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World Bank Predicts Decline In Global Economic Prospects

World Bank
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January 11, (THEWILL) – After a strong rebound in 2021, the global economy will experience “a pronounced slowdown” this year amid fresh threats from Covid-19 variants and a rise in inflation, debt, and income inequality, the World Bank has warned.

In its latest Global Economic Prospects report, the Washington-based institution said the rapid spread of the Omicron variant indicates that the pandemic is far from over and is likely to continue to disrupt economic activity in the near term.

It also warned that surging inflation rates meant many countries were withdrawing policy support “well before” the recovery was complete.

In its report, the World Bank said it expected global growth to slow from 5.5 percent in 2021 to 4.1 percent this year and to 3.2 percent in 2023 “as pent-up demand dissipates and as fiscal and monetary support is unwound across the world.”

“The slowdown will coincide with a widening divergence in growth rates between advanced economies and emerging and developing economies”, it said.

Growth in advanced economies is expected to decline from 5 percent in 2021 to 3.8 percent in 2022 and 2.3 percent in 2023 – a pace that, while moderating, will be sufficient to restore output and investment to their pre-pandemic trend in these economies.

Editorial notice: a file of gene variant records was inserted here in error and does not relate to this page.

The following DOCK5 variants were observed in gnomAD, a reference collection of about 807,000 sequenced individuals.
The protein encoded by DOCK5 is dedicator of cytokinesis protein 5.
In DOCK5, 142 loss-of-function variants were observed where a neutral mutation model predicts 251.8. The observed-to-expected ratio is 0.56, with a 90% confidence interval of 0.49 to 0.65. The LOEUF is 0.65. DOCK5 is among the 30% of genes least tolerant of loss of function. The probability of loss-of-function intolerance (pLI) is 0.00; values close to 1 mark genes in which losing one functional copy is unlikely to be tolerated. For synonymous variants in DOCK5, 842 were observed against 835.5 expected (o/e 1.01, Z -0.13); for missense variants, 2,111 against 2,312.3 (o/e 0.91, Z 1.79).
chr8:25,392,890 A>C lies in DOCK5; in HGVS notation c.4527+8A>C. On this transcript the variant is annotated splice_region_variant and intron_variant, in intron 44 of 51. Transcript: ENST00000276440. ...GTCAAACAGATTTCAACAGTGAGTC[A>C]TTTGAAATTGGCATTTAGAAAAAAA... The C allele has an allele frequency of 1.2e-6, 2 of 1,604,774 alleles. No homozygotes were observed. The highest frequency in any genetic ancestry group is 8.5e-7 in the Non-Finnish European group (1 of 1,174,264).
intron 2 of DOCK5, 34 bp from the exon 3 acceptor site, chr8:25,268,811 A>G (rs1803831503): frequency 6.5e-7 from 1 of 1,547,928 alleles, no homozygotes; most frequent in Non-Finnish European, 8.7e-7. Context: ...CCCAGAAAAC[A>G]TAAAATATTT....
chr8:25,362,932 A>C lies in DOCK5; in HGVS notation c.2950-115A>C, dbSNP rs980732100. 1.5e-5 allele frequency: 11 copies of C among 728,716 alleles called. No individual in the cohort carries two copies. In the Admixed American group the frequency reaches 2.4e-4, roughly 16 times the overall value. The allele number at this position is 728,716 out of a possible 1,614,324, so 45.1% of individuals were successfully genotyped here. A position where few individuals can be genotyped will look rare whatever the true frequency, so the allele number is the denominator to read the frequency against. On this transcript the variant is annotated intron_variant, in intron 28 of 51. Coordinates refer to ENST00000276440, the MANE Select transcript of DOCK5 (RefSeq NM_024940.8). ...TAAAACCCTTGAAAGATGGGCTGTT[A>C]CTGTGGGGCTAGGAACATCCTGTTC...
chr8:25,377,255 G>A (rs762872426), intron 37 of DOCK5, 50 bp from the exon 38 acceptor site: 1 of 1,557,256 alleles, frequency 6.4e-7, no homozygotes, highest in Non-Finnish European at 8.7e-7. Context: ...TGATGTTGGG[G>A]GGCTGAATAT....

In emerging and developing economies, however, growth is expected to drop from 6.3 percent in 2021 to 4.6 percent in 2022 and 4.4 percent in 2023.

“By 2023, all advanced economies will have achieved a full output recovery; yet output in emerging and developing economies will remain 4 percent below its pre-pandemic trend”, it said.

For many vulnerable economies, the setback is even larger: output of fragile and conflict-affected economies will be 7.5 percent below its pre-pandemic trend, and output of small island states will be 8.5 percent below.

In its report, the bank pinpoints three potential obstacles to an enduring recovery from the pandemic; debt, the boom-and-bust cycles of commodity prices; and global inequality.

It noted that Covid-19 had pushed total global debt to the highest level in half a century, suggesting “that future coordinated debt relief initiatives will face higher hurdles to success”.

It also highlighted that commodity price swings were being amplified by the forces of climate change and the energy transition away from fossil fuels.

“The world economy is simultaneously facing Covid-19, inflation, and policy uncertainty, with government spending and monetary policies in uncharted territory. Rising inequality and security challenges are particularly harmful for developing countries

“Putting more countries on a favourable growth path requires concerted international action and a comprehensive set of national policy responses”, said World Bank group president David Malpass.